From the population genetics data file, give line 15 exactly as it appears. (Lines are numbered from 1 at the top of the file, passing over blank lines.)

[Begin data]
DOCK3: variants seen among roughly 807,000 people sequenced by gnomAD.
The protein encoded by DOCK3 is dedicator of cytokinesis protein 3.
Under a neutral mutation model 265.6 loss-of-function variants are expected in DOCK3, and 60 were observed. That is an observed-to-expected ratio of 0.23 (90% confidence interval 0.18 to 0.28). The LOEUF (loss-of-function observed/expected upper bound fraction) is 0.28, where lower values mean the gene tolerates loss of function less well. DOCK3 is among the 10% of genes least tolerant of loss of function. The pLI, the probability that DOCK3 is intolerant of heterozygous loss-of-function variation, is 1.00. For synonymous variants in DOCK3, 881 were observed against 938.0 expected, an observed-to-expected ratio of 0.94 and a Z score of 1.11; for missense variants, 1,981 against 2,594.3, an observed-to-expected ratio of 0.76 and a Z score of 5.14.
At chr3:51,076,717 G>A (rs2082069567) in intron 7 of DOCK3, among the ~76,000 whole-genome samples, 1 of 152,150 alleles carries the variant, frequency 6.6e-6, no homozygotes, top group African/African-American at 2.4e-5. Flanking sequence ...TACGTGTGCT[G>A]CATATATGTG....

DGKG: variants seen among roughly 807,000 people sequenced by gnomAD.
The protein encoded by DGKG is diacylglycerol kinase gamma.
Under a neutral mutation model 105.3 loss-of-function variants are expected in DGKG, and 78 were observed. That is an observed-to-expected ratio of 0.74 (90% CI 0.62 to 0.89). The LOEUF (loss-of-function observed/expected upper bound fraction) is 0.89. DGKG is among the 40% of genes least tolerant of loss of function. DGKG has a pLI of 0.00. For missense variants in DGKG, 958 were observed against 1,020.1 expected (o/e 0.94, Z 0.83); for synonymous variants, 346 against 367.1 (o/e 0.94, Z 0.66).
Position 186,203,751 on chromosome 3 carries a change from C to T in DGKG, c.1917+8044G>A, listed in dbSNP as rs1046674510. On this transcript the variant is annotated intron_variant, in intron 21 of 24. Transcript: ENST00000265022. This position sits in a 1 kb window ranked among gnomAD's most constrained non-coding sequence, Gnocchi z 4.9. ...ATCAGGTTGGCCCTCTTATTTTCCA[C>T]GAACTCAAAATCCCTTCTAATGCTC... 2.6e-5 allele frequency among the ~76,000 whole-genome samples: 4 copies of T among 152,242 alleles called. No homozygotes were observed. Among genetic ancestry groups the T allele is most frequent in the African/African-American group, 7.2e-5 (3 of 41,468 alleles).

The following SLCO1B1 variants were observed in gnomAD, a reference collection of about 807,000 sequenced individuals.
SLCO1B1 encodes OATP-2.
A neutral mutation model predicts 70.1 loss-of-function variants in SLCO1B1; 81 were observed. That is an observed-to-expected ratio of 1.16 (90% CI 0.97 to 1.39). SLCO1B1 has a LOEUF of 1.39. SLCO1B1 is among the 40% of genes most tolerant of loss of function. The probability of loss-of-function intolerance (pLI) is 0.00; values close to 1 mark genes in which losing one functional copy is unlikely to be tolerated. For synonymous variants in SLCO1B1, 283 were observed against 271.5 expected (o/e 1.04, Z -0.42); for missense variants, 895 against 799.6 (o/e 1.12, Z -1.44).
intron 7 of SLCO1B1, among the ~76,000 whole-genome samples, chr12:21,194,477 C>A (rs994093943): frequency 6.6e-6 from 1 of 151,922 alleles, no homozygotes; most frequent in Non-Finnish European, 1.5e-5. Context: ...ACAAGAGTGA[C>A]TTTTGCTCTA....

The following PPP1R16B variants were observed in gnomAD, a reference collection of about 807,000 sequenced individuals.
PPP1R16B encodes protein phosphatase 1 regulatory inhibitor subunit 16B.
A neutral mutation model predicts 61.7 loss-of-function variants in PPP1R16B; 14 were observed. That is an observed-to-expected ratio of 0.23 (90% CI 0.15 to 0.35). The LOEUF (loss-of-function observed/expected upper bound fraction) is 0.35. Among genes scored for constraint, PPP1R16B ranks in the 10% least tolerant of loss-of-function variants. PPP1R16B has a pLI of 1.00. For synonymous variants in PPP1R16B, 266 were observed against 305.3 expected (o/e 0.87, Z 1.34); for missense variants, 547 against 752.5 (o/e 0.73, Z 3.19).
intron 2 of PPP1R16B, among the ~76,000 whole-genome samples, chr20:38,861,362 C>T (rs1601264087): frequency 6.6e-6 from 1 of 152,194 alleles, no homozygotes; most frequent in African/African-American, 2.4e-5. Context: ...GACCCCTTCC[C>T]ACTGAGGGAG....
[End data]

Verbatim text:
A neutral mutation model predicts 61.7 loss-of-function variants in PPP1R16B; 14 were observed. That is an observed-to-expected ratio of 0.23 (90% CI 0.15 to 0.35). The LOEUF (loss-of-function observed/expected upper bound fraction) is 0.35. Among genes scored for constraint, PPP1R16B ranks in the 10% least tolerant of loss-of-function variants. PPP1R16B has a pLI of 1.00. For synonymous variants in PPP1R16B, 266 were observed against 305.3 expected (o/e 0.87, Z 1.34); for missense variants, 547 against 752.5 (o/e 0.73, Z 3.19).